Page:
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dc.contributor.authorTeahan, B. J
dc.date.accessioned2017-03-06T19:46:29Z
dc.date.available2017-03-06T19:46:29Z
dc.date.issued2000
dc.identifier.urihttp://hdl.handle.net/10179/10501
dc.description.abstractCommunity ownership of trading enterprises has not been so favoured as a concept during the latter part of the 20th century as successive New Zealand Governments pursued market forces policies. The face of the New Zealand public ownership business scene radically changed from the mid 1980's as telecommunications, railways, the ports, Coal Corp, energy ... were all restructured in pursuit of the market model. Why was the public or community ownership model apparently not supported? The empirical evidence did not unequivocally uphold privatisation and the market model as being inherently more efficient as a structure. Notably also, community ownership was much enjoyed as a concept. This research, therefore, looks at the concept of community ownership and seeks to define its uniqueness and identify its performance in operating trading enterprises. The electricity companies in New Zealand were the area selected. The results moderately support the view that social/community goals are of more importance to community owned trading enterprises than their private ownership equivalents. Notably community ownership outperformed private enterprise as measured by ROE and ROA. Thus the contention that community ownership as a concept had much to offer, and was not inherently less efficient, was not disproved by this research. Further research in other fields is worthy of pursuit.en_US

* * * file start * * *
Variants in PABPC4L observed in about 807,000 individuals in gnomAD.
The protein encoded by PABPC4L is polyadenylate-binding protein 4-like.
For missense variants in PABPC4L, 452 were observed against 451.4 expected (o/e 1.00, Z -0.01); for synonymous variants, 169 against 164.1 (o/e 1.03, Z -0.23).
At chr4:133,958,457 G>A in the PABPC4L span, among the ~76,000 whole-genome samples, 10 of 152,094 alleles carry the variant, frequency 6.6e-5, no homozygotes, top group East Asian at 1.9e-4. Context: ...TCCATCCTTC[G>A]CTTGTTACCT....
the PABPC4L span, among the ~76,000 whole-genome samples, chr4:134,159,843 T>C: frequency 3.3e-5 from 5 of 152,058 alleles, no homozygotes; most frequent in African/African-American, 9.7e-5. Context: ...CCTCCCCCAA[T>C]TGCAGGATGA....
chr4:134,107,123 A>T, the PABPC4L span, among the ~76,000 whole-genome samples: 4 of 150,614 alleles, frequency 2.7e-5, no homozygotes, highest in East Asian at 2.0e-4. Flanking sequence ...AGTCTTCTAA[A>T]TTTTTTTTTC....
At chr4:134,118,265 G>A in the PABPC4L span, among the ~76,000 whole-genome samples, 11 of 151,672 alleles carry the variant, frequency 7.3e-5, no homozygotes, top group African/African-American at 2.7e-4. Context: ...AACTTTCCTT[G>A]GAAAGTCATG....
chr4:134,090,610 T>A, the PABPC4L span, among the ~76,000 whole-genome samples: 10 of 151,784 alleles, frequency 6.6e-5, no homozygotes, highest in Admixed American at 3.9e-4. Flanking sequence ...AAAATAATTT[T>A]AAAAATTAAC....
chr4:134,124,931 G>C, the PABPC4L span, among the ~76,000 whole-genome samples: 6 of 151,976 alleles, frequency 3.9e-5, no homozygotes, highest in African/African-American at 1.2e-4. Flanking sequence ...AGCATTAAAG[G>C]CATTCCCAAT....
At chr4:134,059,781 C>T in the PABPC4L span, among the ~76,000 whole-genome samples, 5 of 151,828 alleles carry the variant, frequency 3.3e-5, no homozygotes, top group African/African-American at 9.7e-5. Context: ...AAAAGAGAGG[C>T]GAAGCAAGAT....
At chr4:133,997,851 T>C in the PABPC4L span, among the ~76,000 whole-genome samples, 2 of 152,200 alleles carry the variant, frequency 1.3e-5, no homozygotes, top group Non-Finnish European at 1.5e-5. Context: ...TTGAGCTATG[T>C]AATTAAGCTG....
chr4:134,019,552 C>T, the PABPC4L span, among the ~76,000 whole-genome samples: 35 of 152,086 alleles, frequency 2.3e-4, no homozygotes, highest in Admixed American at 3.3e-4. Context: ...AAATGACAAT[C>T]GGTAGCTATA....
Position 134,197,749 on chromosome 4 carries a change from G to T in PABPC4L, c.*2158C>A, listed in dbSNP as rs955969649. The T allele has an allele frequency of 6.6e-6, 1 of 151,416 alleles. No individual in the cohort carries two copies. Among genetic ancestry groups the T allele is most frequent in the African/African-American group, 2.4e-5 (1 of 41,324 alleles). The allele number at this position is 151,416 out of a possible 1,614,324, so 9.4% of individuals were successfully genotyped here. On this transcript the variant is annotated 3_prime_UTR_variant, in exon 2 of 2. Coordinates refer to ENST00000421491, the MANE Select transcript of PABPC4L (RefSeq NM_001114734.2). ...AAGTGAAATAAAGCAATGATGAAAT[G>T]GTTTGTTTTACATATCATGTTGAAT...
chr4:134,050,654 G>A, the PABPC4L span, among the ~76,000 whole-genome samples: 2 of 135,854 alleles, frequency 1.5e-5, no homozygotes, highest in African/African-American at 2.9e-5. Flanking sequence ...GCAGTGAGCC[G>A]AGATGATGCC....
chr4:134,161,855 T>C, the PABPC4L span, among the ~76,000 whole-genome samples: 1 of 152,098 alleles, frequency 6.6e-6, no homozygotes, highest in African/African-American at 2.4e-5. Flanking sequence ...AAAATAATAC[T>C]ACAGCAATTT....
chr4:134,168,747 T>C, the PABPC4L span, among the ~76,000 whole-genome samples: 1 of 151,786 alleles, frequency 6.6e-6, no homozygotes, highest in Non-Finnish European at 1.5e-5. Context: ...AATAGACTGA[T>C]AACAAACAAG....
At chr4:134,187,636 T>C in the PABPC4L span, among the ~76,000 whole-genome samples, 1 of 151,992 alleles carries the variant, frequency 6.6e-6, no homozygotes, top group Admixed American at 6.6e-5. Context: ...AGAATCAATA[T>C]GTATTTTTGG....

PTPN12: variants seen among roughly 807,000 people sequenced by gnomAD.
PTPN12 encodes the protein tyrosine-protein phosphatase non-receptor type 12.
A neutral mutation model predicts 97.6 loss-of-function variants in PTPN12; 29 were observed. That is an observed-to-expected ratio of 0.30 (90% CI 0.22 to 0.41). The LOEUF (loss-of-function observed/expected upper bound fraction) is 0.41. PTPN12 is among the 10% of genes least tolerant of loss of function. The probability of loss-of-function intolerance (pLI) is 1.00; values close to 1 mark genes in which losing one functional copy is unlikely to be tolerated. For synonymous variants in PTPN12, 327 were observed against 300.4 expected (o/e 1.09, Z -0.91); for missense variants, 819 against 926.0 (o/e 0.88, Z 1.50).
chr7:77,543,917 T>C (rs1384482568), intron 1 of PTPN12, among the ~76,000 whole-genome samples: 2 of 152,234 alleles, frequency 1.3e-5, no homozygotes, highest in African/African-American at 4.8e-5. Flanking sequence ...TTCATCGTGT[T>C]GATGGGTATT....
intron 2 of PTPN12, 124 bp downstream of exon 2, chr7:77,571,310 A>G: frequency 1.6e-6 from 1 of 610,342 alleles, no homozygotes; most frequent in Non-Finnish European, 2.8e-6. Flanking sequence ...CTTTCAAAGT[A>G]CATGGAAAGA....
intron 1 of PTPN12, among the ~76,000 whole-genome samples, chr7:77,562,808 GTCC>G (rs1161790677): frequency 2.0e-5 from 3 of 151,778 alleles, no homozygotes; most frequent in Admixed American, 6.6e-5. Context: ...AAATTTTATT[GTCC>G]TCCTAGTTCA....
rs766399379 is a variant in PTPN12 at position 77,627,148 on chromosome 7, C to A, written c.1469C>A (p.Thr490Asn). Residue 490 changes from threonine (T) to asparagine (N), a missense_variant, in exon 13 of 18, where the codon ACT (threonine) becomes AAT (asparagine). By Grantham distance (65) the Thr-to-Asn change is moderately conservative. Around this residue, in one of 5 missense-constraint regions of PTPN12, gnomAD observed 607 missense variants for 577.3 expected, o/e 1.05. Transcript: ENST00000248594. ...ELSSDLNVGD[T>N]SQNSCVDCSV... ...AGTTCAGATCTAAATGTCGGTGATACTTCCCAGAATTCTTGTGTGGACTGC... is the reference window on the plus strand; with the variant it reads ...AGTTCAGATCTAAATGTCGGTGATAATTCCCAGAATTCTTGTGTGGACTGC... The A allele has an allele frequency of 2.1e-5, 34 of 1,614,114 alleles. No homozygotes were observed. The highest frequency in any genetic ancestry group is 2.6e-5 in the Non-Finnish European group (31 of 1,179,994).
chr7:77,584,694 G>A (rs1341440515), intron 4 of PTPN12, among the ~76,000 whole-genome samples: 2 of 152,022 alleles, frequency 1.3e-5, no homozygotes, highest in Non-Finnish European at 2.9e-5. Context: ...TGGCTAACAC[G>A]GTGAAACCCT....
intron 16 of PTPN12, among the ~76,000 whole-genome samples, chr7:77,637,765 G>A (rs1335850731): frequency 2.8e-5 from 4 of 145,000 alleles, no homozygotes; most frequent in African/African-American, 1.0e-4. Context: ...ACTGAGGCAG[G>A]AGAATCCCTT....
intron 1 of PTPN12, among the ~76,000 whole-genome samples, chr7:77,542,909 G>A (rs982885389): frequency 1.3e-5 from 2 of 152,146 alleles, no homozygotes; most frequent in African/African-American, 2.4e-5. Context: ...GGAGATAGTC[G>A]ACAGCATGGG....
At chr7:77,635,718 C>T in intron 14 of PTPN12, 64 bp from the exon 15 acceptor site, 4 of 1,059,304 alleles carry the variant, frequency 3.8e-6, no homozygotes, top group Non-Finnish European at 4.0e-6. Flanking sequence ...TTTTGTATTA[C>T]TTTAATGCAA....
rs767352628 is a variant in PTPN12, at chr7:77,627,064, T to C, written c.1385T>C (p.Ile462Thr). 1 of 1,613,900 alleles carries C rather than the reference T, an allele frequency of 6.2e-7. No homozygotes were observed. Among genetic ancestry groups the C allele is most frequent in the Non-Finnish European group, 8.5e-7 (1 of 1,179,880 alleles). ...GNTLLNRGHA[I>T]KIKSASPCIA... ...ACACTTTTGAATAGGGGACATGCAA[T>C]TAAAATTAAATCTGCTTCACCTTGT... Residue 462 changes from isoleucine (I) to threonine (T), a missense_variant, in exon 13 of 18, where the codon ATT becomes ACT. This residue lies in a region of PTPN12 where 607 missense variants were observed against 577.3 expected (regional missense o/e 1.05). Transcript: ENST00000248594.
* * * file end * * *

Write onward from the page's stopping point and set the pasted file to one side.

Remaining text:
dc.language.isoenen_US
dc.publisherMassey Universityen_US
dc.rightsThe Authoren_US
dc.subjectNew Zealanden_US
dc.subjectGovernment business enterprisesen_US
dc.subjectCorporations, Governmenten_US
dc.subjectElectric utilities -- Deregulationen_US
dc.titleCommunity owned trading enterprises : their uniqueness and performance : a thesis submitted in partial fulfilment of the requirements for the degree of Master of Business Studies at Massey Universityen_US
dc.typeThesisen_US
thesis.degree.disciplineBusiness Studiesen_US
thesis.degree.grantorMassey Universityen_US
thesis.degree.levelMastersen_US
thesis.degree.nameMaster of Business Studies (M. B. S.)en_US


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